I recently signed up for Eir’s fibre-based broadband package and took an immediate dislike to the Sagemcom router that it came with. It was fiddly to configure and I wanted to see if I could swap it out for an existing and more familiar broadband router I already had. This article outlines how I did this by flashing the old router with open source OpenWRT/LEDE software and configuring a VLAN to get it to work.

The main reasons for doing this:

  • A more familiar user interface
  • Easier to configure things like firewalls, proxies etc.
  • An excuse to write up a description of my current broadband setup

BACKGROUND AND FIBRE ROLLOUT

I began my remote working life from Co. Kerry back in November 2003 and still vividly remember the evening I got my first DSL connection up and running and was able to connect to a work desktop computer 200 miles away in my Dublin-based office and use it like I was physically sitting in front of it. The 4Mbps download speeds at that time seemed futuristic.

In the intervening years we moved to rural Co. Tipperary and continued using DSL but with the absolute minimum available speeds at the time (0.88Mbps) due to living on the absolute edge of the 5km limit for DSL exchanges. Around 2015 we ditched the DSL thanks to the availability of a strong 4G signal in the area and a relatively big jump to speeds of around 40Mbps served us well in my continued remote work life.

In the meantime, next generation fibre optic broadband had started to make inroads with faster and longer range links. But countryside fibre seemed a distant dream until in mid 2019, Eir, Ireland’s largest telecoms provider, announced a €250m fibre investment to upgrade their national broadband infrastructure. The rollout began by focusing initially on bringing fibre-to-the-home (FTTH) with speeds up to 1Gps speeds to the outskirts of towns first, where traditional DSL speeds fall off and the benefits would be felt the most. Once the rural upgrade was completed, they would then move on to upgrading the towns and cities with newer FTTH equipment that supported even faster 10Gbps speeds.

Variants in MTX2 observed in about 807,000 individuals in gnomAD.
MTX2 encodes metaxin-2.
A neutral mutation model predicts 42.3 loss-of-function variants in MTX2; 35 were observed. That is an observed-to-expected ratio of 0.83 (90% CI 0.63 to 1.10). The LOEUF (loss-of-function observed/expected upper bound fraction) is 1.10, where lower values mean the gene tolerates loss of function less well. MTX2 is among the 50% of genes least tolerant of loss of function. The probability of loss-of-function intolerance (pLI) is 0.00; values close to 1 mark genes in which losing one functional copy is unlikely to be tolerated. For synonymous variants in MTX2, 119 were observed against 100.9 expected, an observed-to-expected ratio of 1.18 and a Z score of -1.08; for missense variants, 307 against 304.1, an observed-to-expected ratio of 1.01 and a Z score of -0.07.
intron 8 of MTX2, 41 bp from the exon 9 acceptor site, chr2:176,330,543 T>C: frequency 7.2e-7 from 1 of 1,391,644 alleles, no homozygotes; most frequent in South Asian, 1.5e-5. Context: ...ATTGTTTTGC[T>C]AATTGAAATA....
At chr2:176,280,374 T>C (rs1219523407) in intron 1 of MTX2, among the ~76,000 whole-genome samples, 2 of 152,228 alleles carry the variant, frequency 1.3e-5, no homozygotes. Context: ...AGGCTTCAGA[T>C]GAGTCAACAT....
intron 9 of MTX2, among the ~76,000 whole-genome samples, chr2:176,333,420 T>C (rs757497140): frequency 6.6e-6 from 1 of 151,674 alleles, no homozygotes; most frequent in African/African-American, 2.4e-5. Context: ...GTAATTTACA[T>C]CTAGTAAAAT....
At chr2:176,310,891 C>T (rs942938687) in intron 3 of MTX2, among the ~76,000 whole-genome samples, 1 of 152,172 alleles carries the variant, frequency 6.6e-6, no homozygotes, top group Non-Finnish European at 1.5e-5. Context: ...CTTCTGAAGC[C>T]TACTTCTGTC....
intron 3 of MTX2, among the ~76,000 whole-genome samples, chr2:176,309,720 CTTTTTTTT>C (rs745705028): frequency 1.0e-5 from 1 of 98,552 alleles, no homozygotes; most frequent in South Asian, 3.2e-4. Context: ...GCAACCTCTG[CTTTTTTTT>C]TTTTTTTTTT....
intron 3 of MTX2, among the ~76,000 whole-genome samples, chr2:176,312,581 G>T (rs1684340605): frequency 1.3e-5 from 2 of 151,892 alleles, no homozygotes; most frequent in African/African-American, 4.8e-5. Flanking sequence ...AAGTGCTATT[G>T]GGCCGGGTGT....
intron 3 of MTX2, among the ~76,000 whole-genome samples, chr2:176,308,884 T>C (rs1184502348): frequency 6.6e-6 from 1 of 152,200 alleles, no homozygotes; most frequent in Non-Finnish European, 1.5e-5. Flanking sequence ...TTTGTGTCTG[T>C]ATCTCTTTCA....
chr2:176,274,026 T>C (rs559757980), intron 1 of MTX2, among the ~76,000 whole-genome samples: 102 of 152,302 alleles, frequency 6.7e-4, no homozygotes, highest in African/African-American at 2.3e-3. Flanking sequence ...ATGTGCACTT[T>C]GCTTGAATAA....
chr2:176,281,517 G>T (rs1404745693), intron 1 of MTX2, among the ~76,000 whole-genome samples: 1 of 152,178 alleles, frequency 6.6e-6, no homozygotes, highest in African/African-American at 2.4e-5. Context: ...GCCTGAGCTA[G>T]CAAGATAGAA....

We got lucky and made it as one of the 330,000 rural installations to benefit from Eir’s upgrade. Overnight a fibre optic cable and distribution box appeared on a pole opposite our house - the last on our stretch of road - giving us the very real possibility of 1 gigabit speeds.

WHAT EXACTLY DO WE MEAN BY FIBRE?

At this point it’s worth clarifying a few things when it comes to broadband speeds that have been muddled due to overmarketing and general ambiguity. When Eir originally rolled out Fibre-to-the-Cabinet (FTTC) in 2010 they marketed it as “fibre broadband” even though it was still DSL that was bringing the internet into each home. So while the core “back bone” connection to the local cabinet had speeds of 1GB, the connection between the cabinet and the home was still just copper-based DSL and this could never be more than 100Mbps. Cable broadband helped somewhat with higher speeds of 500Mbps but unlike copper phone lines, not all parts of a town had cable.

It’s also worth mentioning the National Broadband Plan (NBP) which was set up in 2019 to extend high-speed broadband to premises in hard-to-reach areas not served by Eir’s fibre upgrade. This promised speeds of 150Mbps by year one and 500Mbps by 2030.

Example of a fibre optic splice closure seen on thousands of telephone poles all over Ireland. They house optical splitters that enable individual fibre cables to connect to a premises.

EIR PACKAGE AND SETUP

The Eir package I opted for cost €45.99 per month (24 months) and I also paid a €49.99 installation fee which involved an engineer bringing a wire across the road, onto my gable end and in through the wall. The router was free and is a Sagemcom Eir fibre box 1A 1.0 CS 50001 which Eir brand as the F3000 or F5366s but only on the manual it seems ( earlier FTTH customers seemed to get an F2000 which was a rebranded Huawei HG659b).